The city has been largely rebuilt thanks to the effects of radical climate change and the havoc wrought by the European civil war. This has served to heighten the social inequality within the city, with poor districts having been mostly ignored and left as terrible, flooded slums. One of the factions seeking social justice are the Errorists, though the focus of their hate is with the Memorize Corporation and their Sensation Engine (or Sensen), which lets people share their memories over the web. The Errorists consider this a massive breach of privacy, as well as an insidious way to control society itself.
Errorist number one is Nilin. She is as a Memhunter, who is able to use Sensen to steal peoples' secrets straight out of their skulls. What sets Nilin apart though, is her special ability to remix existing memories. This is the game's signature concept, but it's built into the framework of a third-person action adventure, and one part of a game that includes platforming and full combat mechanics.
The graphical design is quite distinctive, full-blown cyberpunk, yet it does manage to avoid many of the cliches usually associated with the genre. A futuristic city like this practically begs the player to do some exploring, but unfortunately Remember Me is a heavily linear experience.
Sensen constantly tells the player where to jump and climb, but attempts to push past what's directed will be met with a feeble little hop. Nilin is a spry thing though, and she reminds strongly of Assassin's Creed with the smooth, graceful way she handles platforming. The player does need to be on the ball though, since it is annoyingly easy to miss some apparently simple jumps.
Nilin is also a very capable fighter when she has to be - and in Remember Me, she really has to be. Fights are usually contained into closed arenas which you're locked into until the enemies in it are knocked out. It's slightly unbalanced, delivering that one extra wave too many and edging the combat from fun towards grind.
At least the combat is entertaining in itself. As the game progresses, Nilin is given access to longer combo chains, which can be customised in the Combolab, using punches and kicks from four different categories, and interweaving health boosting attacks into the mix.. This is not as free a system as one might think though, because you can only define the effects of the strikes, with the strikes executed with a few button taps. Sure, it avoids the danger of one-button combos, but there could have at least been more combos available and more variety in the button presses needed.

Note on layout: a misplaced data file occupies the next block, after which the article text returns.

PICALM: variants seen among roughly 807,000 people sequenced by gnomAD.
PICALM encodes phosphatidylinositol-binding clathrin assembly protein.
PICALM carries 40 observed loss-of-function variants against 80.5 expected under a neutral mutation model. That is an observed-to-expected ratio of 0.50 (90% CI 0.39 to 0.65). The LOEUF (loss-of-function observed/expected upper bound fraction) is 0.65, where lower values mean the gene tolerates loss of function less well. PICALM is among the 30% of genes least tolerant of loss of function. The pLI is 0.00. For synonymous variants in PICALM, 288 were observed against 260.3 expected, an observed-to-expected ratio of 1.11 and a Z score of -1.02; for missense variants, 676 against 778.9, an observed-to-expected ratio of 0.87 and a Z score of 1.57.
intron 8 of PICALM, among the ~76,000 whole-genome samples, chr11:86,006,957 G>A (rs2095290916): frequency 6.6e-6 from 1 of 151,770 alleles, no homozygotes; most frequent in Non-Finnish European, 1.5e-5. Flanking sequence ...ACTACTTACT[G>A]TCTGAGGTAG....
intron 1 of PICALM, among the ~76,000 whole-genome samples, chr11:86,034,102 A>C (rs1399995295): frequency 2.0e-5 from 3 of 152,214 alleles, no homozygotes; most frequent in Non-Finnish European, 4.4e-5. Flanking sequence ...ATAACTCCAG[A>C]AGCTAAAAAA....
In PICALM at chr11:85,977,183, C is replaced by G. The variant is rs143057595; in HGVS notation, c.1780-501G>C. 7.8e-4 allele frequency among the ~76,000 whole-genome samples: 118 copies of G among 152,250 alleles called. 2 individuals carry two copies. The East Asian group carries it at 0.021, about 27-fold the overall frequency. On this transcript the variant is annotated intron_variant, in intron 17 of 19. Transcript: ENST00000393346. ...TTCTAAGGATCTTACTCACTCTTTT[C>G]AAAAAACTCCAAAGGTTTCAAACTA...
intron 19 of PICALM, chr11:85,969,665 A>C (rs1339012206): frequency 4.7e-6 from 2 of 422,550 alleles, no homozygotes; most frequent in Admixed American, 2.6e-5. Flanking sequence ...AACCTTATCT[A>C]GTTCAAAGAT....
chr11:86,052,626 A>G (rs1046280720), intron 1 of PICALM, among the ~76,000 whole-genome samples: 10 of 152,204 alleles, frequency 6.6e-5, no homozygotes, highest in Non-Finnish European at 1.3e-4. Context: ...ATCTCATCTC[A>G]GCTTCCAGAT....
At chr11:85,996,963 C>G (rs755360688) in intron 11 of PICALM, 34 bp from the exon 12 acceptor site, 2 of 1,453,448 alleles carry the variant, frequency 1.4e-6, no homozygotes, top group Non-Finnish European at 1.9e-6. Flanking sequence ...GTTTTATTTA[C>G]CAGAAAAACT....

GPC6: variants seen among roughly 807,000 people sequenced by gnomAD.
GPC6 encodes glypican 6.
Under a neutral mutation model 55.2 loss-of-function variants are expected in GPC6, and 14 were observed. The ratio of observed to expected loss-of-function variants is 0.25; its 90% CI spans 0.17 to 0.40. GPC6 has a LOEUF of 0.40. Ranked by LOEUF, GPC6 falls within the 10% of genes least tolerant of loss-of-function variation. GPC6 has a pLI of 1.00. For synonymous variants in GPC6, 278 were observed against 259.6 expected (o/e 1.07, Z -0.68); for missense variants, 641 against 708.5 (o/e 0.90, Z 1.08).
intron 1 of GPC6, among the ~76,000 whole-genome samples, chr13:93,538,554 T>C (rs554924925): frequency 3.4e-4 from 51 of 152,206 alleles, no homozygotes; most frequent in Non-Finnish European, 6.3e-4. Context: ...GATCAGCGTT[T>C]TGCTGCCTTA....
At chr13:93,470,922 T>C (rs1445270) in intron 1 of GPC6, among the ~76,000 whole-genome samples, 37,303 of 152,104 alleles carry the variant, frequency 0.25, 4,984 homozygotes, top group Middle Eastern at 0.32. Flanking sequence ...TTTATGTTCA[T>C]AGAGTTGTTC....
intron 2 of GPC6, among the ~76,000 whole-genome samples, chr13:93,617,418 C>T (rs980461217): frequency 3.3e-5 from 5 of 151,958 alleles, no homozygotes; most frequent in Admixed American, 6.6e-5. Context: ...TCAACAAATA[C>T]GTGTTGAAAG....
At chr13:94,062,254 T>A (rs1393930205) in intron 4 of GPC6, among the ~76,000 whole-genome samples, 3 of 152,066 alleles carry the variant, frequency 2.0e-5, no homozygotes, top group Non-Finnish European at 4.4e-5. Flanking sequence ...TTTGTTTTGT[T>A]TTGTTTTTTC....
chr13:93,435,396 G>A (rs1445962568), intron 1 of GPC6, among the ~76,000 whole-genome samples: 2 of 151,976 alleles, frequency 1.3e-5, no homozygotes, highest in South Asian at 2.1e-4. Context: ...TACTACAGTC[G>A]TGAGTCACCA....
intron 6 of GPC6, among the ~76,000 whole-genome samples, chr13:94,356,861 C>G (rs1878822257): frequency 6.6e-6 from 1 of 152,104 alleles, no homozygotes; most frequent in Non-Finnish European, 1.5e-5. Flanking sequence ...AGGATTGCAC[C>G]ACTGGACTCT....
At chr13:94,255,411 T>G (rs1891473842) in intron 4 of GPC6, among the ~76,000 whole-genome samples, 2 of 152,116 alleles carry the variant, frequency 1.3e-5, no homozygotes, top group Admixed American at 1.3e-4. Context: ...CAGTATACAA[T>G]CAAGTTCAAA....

But it's Nilin's capability to remix the memories of others that's the game's calling card. The Memhunter dives into one scene from the target's life, and guides it towards a traumatic resolution for her own gain. The scene, played out as a cutscene that you can freely pan around, can be rewound and fast forwarded while you look for little glitches that will let you change something in the scene. Change, replay, watch the outcome. Finding the right combination takes time, but the system is smart and enjoyable to tinker with. Yet again, more variety would have helped.
The player has to make the right yes/no-choice about half a dozen times per memory, so this isn't precisely creative freeform remixing. Only one preset ending will work, and there are very few remix scenes in the game. They are visually interesting though, and you are guaranteed to have some chilling moments with them.
The story's decent, surprisingly grittier than you'd expect as it combines weighty social issues with far more personal experiences and dilemmas.
The voice acting in Remember Me is not getting Oscar nominations, and Nilin's accent is so scattered that I could not even begin to place it. With the music, outside combat its nicely atmospheric, but during fighting it builds upon Nilin's combo attacks - which really works when the going is smooth, but can get annoying quickly when you're making a mess.
We really hope that Dontnod will continue making games in this exciting universe, but that they open up their concept from what it is now, and give their players more choice in almost all areas of the game. More exploration, more choices for remixing memories, and more combos for the combat. As it is, Remember Me is a fine gaming experience which has a lot of unused potential that will hopefully blossom sometime in the future - it's a game that seems well suited to getting the time and budget it deserves in a next-gen sequel.